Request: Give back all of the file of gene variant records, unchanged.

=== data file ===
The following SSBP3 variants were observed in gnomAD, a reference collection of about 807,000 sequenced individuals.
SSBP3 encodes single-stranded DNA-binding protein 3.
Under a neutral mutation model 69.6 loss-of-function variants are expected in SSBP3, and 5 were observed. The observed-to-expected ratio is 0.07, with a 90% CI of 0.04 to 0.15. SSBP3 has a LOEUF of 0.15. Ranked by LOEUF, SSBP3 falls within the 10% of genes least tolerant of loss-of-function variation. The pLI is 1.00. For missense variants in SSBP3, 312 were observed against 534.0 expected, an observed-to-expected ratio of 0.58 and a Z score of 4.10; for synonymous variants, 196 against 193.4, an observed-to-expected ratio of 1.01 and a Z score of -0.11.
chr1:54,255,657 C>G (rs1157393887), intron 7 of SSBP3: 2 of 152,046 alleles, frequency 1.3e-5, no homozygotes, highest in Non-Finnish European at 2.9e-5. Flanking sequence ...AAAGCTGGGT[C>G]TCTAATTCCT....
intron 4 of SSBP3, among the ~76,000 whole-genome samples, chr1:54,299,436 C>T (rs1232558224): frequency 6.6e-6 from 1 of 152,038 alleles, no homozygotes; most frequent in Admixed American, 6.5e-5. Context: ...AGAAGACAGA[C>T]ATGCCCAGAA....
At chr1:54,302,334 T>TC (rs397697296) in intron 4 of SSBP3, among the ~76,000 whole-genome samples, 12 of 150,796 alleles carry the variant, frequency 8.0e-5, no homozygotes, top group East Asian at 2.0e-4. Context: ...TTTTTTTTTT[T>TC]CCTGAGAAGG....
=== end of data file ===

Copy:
The following SSBP3 variants were observed in gnomAD, a reference collection of about 807,000 sequenced individuals.
SSBP3 encodes single-stranded DNA-binding protein 3.
Under a neutral mutation model 69.6 loss-of-function variants are expected in SSBP3, and 5 were observed. The observed-to-expected ratio is 0.07, with a 90% CI of 0.04 to 0.15. SSBP3 has a LOEUF of 0.15. Ranked by LOEUF, SSBP3 falls within the 10% of genes least tolerant of loss-of-function variation. The pLI is 1.00. For missense variants in SSBP3, 312 were observed against 534.0 expected, an observed-to-expected ratio of 0.58 and a Z score of 4.10; for synonymous variants, 196 against 193.4, an observed-to-expected ratio of 1.01 and a Z score of -0.11.
chr1:54,255,657 C>G (rs1157393887), intron 7 of SSBP3: 2 of 152,046 alleles, frequency 1.3e-5, no homozygotes, highest in Non-Finnish European at 2.9e-5. Flanking sequence ...AAAGCTGGGT[C>G]TCTAATTCCT....
intron 4 of SSBP3, among the ~76,000 whole-genome samples, chr1:54,299,436 C>T (rs1232558224): frequency 6.6e-6 from 1 of 152,038 alleles, no homozygotes; most frequent in Admixed American, 6.5e-5. Context: ...AGAAGACAGA[C>T]ATGCCCAGAA....
At chr1:54,302,334 T>TC (rs397697296) in intron 4 of SSBP3, among the ~76,000 whole-genome samples, 12 of 150,796 alleles carry the variant, frequency 8.0e-5, no homozygotes, top group East Asian at 2.0e-4. Context: ...TTTTTTTTTT[T>TC]CCTGAGAAGG....